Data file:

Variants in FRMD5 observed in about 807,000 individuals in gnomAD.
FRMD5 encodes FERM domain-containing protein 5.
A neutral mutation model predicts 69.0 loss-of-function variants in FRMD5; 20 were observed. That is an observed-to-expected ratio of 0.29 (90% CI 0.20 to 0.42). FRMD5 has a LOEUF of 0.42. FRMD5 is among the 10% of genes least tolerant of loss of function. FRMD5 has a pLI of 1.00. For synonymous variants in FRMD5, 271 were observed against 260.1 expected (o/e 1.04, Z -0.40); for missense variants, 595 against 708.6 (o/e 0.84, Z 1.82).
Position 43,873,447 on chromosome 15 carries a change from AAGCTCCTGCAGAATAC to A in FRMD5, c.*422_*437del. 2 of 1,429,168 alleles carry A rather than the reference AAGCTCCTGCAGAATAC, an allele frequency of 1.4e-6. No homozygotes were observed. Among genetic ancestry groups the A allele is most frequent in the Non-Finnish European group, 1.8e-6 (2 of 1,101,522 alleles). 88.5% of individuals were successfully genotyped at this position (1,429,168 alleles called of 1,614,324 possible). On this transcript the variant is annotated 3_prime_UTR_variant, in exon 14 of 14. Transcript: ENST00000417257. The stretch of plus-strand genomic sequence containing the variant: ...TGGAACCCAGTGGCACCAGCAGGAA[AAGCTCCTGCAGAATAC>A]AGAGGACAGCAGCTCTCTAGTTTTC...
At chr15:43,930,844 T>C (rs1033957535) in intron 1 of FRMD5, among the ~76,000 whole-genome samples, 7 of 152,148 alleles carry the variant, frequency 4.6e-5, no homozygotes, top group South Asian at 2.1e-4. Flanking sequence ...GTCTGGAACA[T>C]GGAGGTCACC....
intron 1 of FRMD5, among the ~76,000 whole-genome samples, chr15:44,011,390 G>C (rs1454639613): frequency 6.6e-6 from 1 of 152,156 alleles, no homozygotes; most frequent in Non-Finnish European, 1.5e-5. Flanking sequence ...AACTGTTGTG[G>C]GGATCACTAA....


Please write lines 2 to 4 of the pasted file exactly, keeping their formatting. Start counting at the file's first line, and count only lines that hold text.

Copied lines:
FRMD5 encodes FERM domain-containing protein 5.
A neutral mutation model predicts 69.0 loss-of-function variants in FRMD5; 20 were observed. That is an observed-to-expected ratio of 0.29 (90% CI 0.20 to 0.42). FRMD5 has a LOEUF of 0.42. FRMD5 is among the 10% of genes least tolerant of loss of function. FRMD5 has a pLI of 1.00. For synonymous variants in FRMD5, 271 were observed against 260.1 expected (o/e 1.04, Z -0.40); for missense variants, 595 against 708.6 (o/e 0.84, Z 1.82).
Position 43,873,447 on chromosome 15 carries a change from AAGCTCCTGCAGAATAC to A in FRMD5, c.*422_*437del. 2 of 1,429,168 alleles carry A rather than the reference AAGCTCCTGCAGAATAC, an allele frequency of 1.4e-6. No homozygotes were observed. Among genetic ancestry groups the A allele is most frequent in the Non-Finnish European group, 1.8e-6 (2 of 1,101,522 alleles). 88.5% of individuals were successfully genotyped at this position (1,429,168 alleles called of 1,614,324 possible). On this transcript the variant is annotated 3_prime_UTR_variant, in exon 14 of 14. Transcript: ENST00000417257. The stretch of plus-strand genomic sequence containing the variant: ...TGGAACCCAGTGGCACCAGCAGGAA[AAGCTCCTGCAGAATAC>A]AGAGGACAGCAGCTCTCTAGTTTTC...